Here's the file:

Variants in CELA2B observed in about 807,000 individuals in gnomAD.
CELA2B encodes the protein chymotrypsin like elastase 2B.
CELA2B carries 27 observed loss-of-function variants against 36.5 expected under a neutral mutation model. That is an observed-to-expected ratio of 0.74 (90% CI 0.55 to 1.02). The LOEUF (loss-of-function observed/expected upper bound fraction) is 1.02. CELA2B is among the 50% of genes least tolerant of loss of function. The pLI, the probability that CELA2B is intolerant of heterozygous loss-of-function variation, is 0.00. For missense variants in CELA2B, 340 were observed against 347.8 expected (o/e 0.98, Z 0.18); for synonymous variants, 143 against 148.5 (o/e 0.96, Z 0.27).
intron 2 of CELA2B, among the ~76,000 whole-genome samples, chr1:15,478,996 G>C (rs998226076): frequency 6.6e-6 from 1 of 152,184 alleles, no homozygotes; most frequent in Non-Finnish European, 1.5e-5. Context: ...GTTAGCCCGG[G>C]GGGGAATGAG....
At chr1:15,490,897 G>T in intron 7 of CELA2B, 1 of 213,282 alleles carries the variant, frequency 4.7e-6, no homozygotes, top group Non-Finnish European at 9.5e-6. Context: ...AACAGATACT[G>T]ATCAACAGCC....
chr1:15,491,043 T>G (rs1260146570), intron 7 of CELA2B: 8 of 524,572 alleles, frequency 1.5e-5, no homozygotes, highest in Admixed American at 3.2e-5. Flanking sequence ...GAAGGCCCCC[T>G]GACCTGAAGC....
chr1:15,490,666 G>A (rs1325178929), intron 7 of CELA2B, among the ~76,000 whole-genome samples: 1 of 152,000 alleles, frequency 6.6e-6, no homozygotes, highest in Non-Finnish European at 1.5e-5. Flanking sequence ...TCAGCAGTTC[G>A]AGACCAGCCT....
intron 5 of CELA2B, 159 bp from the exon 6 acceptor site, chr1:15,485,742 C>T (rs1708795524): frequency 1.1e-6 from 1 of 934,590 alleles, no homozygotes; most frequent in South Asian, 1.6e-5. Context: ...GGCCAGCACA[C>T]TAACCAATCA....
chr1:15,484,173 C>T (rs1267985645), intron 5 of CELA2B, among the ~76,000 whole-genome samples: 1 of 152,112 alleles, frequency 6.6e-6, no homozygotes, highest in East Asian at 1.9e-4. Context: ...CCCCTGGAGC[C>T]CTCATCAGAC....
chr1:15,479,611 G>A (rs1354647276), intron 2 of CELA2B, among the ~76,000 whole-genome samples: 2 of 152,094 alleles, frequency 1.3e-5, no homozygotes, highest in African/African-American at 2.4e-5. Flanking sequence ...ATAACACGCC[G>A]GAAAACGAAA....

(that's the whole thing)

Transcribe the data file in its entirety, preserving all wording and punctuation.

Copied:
Variants in CELA2B observed in about 807,000 individuals in gnomAD.
CELA2B encodes the protein chymotrypsin like elastase 2B.
CELA2B carries 27 observed loss-of-function variants against 36.5 expected under a neutral mutation model. That is an observed-to-expected ratio of 0.74 (90% CI 0.55 to 1.02). The LOEUF (loss-of-function observed/expected upper bound fraction) is 1.02. CELA2B is among the 50% of genes least tolerant of loss of function. The pLI, the probability that CELA2B is intolerant of heterozygous loss-of-function variation, is 0.00. For missense variants in CELA2B, 340 were observed against 347.8 expected (o/e 0.98, Z 0.18); for synonymous variants, 143 against 148.5 (o/e 0.96, Z 0.27).
intron 2 of CELA2B, among the ~76,000 whole-genome samples, chr1:15,478,996 G>C (rs998226076): frequency 6.6e-6 from 1 of 152,184 alleles, no homozygotes; most frequent in Non-Finnish European, 1.5e-5. Context: ...GTTAGCCCGG[G>C]GGGGAATGAG....
At chr1:15,490,897 G>T in intron 7 of CELA2B, 1 of 213,282 alleles carries the variant, frequency 4.7e-6, no homozygotes, top group Non-Finnish European at 9.5e-6. Context: ...AACAGATACT[G>T]ATCAACAGCC....
chr1:15,491,043 T>G (rs1260146570), intron 7 of CELA2B: 8 of 524,572 alleles, frequency 1.5e-5, no homozygotes, highest in Admixed American at 3.2e-5. Flanking sequence ...GAAGGCCCCC[T>G]GACCTGAAGC....
chr1:15,490,666 G>A (rs1325178929), intron 7 of CELA2B, among the ~76,000 whole-genome samples: 1 of 152,000 alleles, frequency 6.6e-6, no homozygotes, highest in Non-Finnish European at 1.5e-5. Flanking sequence ...TCAGCAGTTC[G>A]AGACCAGCCT....
intron 5 of CELA2B, 159 bp from the exon 6 acceptor site, chr1:15,485,742 C>T (rs1708795524): frequency 1.1e-6 from 1 of 934,590 alleles, no homozygotes; most frequent in South Asian, 1.6e-5. Context: ...GGCCAGCACA[C>T]TAACCAATCA....
chr1:15,484,173 C>T (rs1267985645), intron 5 of CELA2B, among the ~76,000 whole-genome samples: 1 of 152,112 alleles, frequency 6.6e-6, no homozygotes, highest in East Asian at 1.9e-4. Context: ...CCCCTGGAGC[C>T]CTCATCAGAC....
chr1:15,479,611 G>A (rs1354647276), intron 2 of CELA2B, among the ~76,000 whole-genome samples: 2 of 152,094 alleles, frequency 1.3e-5, no homozygotes, highest in African/African-American at 2.4e-5. Flanking sequence ...ATAACACGCC[G>A]GAAAACGAAA....